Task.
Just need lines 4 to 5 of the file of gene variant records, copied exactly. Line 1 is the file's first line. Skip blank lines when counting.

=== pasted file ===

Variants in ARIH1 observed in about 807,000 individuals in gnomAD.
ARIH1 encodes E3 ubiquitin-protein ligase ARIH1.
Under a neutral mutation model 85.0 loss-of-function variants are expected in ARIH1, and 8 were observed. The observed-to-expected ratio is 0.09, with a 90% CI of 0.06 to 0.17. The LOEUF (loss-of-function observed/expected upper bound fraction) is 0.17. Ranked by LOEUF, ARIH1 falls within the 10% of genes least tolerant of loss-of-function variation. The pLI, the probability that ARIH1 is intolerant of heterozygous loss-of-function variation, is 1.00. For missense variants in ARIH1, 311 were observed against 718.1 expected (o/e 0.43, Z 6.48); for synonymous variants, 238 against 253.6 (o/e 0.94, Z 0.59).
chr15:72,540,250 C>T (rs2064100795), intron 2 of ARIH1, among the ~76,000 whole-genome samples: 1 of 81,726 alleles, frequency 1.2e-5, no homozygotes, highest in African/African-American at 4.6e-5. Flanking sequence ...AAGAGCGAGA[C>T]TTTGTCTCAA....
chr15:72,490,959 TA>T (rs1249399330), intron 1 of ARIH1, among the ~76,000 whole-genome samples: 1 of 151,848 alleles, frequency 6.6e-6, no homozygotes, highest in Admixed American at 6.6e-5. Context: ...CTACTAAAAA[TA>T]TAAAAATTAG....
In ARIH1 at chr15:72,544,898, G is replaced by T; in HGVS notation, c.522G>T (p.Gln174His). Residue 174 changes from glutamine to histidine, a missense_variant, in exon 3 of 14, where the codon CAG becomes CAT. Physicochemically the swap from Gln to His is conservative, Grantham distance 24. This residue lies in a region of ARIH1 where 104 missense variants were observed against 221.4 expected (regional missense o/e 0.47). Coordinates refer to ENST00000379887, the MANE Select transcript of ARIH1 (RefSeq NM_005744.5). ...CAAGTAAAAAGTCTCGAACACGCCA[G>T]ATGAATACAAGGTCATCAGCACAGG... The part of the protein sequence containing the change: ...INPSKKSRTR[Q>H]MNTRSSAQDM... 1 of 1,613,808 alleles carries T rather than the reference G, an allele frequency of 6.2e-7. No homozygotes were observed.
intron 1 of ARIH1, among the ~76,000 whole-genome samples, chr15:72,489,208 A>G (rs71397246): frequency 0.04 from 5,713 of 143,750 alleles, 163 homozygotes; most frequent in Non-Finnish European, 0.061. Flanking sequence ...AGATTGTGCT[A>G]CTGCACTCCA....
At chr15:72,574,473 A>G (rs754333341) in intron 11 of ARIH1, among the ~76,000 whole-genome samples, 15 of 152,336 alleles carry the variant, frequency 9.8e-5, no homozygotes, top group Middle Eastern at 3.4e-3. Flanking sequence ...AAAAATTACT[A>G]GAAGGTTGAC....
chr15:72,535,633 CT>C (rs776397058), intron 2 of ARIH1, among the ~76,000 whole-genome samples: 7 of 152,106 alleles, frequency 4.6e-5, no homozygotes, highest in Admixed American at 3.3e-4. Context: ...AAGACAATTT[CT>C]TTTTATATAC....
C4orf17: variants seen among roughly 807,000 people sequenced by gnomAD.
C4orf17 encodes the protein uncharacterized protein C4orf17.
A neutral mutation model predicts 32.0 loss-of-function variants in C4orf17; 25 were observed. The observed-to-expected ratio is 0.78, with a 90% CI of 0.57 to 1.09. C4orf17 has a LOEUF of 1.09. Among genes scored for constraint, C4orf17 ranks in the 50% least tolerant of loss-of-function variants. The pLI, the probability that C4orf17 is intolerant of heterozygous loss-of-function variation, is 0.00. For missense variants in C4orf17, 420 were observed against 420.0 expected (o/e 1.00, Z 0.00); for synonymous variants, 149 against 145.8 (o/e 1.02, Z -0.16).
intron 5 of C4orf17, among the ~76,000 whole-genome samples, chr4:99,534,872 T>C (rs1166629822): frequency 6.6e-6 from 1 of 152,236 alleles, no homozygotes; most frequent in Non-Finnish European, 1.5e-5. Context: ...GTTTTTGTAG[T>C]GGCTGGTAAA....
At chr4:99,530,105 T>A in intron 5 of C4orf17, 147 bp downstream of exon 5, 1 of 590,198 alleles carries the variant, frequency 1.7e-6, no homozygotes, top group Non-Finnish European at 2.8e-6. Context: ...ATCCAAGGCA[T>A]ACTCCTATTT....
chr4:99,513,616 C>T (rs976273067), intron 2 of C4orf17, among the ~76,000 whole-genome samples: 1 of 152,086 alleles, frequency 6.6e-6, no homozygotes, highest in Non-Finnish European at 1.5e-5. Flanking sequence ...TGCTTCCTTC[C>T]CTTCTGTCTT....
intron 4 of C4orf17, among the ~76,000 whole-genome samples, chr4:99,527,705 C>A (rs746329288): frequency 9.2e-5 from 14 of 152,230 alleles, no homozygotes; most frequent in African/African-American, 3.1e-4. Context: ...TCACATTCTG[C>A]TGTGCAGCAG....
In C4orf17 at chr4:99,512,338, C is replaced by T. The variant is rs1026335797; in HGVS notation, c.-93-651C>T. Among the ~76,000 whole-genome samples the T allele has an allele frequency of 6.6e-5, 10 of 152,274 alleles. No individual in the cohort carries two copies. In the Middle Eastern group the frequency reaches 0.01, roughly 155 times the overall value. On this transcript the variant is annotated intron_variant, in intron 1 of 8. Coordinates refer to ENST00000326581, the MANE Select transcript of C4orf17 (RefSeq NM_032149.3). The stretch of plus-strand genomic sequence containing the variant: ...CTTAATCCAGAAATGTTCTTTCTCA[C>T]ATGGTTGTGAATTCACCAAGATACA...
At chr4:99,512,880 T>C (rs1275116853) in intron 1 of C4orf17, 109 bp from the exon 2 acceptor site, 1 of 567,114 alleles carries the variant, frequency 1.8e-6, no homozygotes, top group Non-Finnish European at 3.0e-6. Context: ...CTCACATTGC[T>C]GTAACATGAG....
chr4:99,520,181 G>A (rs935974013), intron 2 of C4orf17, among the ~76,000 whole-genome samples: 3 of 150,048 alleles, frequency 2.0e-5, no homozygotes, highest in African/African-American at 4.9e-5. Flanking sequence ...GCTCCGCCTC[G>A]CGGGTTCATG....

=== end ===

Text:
chr15:72,540,250 C>T (rs2064100795), intron 2 of ARIH1, among the ~76,000 whole-genome samples: 1 of 81,726 alleles, frequency 1.2e-5, no homozygotes, highest in African/African-American at 4.6e-5. Flanking sequence ...AAGAGCGAGA[C>T]TTTGTCTCAA....
chr15:72,490,959 TA>T (rs1249399330), intron 1 of ARIH1, among the ~76,000 whole-genome samples: 1 of 151,848 alleles, frequency 6.6e-6, no homozygotes, highest in Admixed American at 6.6e-5. Context: ...CTACTAAAAA[TA>T]TAAAAATTAG....